I'm hoping this blog does not turn into a purely navel-gazing blog but that's kind of where I'm at for the time being. Nor do I want it to turn into a purely education-related blog (of the navel-gazing variety, given the fact that I'm talking about MY education here) but, again, that's where I'm at for the time-being.

I'm heading down to pick up my textbooks tomorrow. Five books for $420. Ouch. And those are USED! (and before anyone starts in, yes I did check Amazon, half.com, and a few other textbook websites. Surprisingly, the college bookstore had the lowest prices especially after you include shipping) I've filed my FAFSA and right now, I'm only eligible for student loans. Since I'm still paying off my student loans from my LAST college experience, I'm going to do my best to avoid taking on any more of those unless it becomes absolutely necessary.

Given the fact that I'm a "non-traditional student", I'm a military spouse (for the time-being), and I'm going into a field that is facing some pretty severe shortages in terms of staffing, I shouldn't have too much trouble tracking down some scholarships and grants. If MacGyver's Army career comes to a screeching halt, our income would drop to -0- and that would make me eligible for much more in the way of grants and scholarships. It's not ideal to live on financial aid but if that's what needs to happen then we will make it happen.

In the mean time, I am searching for scholarships. My first stop is the National Military Family Association. They have the Joanne Holbrook Patton Memorial scholarships available. So I'm submitting an application for that one. The two short answer/essay questions are:

Short-answer question (3 sentences or less): How will the education this money provides change your life?

Essay (300-500 words): When you became a military spouse you were immediately eligible for health care through the military. What do you like the most about the health care you are receiving as a military family member? What do you like least? What would you recommend to change it? (Any words more than the 500 word limit will not be given to the judges.)

Interesting questions. I understand the first one but the second one isn't something I would expect to be asked as part of a scholarship application. I'll post my answers once I actually finish them but while I'm working on them, how would YOU answer them?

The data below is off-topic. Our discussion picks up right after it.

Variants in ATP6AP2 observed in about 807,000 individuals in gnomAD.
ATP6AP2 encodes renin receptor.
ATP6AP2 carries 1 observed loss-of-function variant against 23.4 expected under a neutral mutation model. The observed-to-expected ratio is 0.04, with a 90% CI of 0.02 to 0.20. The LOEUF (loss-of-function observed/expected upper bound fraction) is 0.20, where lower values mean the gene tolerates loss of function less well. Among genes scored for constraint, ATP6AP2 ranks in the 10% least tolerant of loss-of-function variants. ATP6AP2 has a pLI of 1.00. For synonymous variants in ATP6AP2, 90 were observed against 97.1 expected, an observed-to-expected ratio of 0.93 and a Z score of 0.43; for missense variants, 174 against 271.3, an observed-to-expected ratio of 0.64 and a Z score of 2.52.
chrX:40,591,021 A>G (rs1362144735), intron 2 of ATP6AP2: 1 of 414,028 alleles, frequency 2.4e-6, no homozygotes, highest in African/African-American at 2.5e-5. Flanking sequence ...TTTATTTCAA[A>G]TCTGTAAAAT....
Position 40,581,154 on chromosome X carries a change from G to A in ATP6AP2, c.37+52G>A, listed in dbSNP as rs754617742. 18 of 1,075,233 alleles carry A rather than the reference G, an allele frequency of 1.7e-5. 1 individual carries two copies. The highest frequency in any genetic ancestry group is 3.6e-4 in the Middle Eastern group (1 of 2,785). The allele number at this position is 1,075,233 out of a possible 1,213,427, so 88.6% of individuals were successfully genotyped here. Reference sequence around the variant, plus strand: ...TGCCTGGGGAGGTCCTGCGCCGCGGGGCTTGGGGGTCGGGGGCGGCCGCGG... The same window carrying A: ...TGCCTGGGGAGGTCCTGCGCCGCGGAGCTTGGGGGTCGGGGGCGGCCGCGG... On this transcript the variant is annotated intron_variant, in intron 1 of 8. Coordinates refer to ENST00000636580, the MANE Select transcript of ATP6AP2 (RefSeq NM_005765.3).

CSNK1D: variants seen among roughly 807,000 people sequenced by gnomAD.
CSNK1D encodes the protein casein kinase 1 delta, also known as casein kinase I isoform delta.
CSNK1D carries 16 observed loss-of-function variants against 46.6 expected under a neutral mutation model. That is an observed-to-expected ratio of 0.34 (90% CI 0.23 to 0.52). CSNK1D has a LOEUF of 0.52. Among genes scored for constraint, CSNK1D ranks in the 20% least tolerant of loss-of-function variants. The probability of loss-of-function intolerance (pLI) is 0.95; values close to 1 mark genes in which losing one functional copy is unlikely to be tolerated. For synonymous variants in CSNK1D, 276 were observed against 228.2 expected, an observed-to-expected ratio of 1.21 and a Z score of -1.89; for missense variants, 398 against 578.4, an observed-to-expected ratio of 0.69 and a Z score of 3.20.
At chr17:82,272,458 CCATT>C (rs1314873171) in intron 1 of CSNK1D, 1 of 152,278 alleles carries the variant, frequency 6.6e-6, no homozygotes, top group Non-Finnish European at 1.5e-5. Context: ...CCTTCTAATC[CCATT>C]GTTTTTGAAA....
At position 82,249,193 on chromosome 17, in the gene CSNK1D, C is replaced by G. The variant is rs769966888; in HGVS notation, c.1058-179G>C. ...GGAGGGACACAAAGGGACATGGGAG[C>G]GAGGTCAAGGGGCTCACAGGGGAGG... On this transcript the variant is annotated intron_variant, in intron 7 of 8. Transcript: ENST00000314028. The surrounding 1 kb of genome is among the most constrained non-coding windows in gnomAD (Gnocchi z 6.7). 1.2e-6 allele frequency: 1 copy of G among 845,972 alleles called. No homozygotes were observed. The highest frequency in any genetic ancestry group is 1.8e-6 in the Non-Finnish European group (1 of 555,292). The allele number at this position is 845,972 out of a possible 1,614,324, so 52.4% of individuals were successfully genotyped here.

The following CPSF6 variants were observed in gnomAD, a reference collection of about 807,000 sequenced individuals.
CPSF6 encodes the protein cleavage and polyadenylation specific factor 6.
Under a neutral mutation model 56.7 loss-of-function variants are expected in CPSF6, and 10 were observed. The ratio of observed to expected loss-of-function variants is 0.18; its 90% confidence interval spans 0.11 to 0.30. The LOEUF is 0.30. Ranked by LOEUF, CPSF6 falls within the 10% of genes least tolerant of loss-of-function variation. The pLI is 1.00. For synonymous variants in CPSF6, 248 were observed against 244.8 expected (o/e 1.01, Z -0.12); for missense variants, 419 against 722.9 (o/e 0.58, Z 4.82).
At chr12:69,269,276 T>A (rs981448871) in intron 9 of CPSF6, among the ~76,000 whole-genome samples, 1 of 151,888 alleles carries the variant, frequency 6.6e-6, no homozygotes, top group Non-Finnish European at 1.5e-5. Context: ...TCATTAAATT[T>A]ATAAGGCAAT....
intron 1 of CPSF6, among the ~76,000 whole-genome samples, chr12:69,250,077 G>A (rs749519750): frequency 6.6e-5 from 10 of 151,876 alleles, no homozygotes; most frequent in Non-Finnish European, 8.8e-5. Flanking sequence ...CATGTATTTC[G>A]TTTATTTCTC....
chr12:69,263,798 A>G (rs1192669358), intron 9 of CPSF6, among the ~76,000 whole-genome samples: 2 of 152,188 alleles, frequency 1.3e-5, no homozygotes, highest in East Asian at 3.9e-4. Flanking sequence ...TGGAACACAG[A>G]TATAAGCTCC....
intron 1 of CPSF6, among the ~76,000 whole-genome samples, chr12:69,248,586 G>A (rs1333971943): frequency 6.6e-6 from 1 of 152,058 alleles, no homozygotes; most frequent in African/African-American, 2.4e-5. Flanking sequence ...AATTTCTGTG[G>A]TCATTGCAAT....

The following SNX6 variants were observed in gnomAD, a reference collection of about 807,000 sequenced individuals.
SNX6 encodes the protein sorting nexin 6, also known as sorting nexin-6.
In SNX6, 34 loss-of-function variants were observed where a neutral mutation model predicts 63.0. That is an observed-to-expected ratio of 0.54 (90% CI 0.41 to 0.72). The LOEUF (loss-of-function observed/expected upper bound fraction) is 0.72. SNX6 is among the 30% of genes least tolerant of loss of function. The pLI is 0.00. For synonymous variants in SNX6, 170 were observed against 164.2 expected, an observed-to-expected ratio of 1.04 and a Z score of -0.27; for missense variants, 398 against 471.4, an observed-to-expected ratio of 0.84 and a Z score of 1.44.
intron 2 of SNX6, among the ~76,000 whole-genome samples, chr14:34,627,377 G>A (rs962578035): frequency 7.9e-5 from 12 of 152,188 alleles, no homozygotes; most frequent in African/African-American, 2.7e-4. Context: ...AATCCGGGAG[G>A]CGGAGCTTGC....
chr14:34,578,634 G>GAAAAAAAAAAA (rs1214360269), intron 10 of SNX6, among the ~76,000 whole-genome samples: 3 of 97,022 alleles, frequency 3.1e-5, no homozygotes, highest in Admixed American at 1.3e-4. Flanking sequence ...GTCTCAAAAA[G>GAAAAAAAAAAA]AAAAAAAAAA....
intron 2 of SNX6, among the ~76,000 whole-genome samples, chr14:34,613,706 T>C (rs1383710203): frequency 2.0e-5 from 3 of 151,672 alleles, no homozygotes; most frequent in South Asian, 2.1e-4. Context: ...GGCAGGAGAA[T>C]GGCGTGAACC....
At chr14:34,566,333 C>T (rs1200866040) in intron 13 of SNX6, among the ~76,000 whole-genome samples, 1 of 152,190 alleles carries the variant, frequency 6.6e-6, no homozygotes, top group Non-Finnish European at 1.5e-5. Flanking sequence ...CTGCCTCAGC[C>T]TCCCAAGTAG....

- hfs


Crista said...

I'm applying for the same scholarship so don't ask me just yet. I haven't figured out the second question yet, either. bah

I'm rejoicing in reusing my A&P books from last semester ($500 for the one class) for this semester, too. YAY!!!

Have you looked into the Post 9/11 GI Bill? It pays tuition and fees for 12 months. I didn't think Mac qualified but he does and he's giving it to me.

Homefront Six said...

Hi Crista ~ yep, we're looking into whether we can access MacGyver's post-9/11 GI Bill. He's on leave right now so it's going to have to wait a little while longer.

I'm working on the second question too. I have my main points fleshed out but I need to work them into full paragraphs.

Picked up my books today - you would think that $420 worth of books would weigh more...seriously.

Crista said...

My books weigh like 500 pounds. I can't even fit them all into my backpack. lol

Anonymous said...

Prior to become an army wife I had Blue Cross, both a PPO and HMO that I could use interchangeably. For example if a procedure was covered by one and not the other than I could use whichever was better at that moment, or I could combine them if that worked. In other words I pretty much had the best possible and most flexible civilian healthcare out there (also my father is self-employed so we had private insurance growing up and paid out of pocket for doctors visits and other routine care BUT could see whomever we pleased). I LOVE TRICARE. Seriously. While not all the doctors, nurse practitioners, and physicians assistants that I've seen have been all that great, OVERALL they have been better than the doctors I had in the civilian world. You have to understand that even if you have a PPO and HMO you still have to find a doctor or a doctors office that is actually accepting new patients and that is really hard. I've had no trouble scheduling appointments with whomever I want to see (rather than my primary care provider) and I haven't had any trouble getting in when sick, etc. All my prescriptions being free is still a novelty even though my civilian co-pays were really low. I only have one complaint and this is why I jump around so much on who I see: long long long long before I ever met my husband I was diagnosed with mental health issues. It is DIFFICULT to get through to the health care providers on post that THIS HAS NOTHING TO DO WITH THE ARMY OR WHERE MY HUSBAND IS AND IS A PRIOR CONDITION. BUT, to be fair, at least they are much much more careful about what they prescribe than civilian doctors and civilian doctors really just throw drugs at you so they aren't any better in the end.


Wrote this six years ago. Nothing's changed.  One of my favorite movies is 'Bull Durham'. And one of my favorite scenes in ...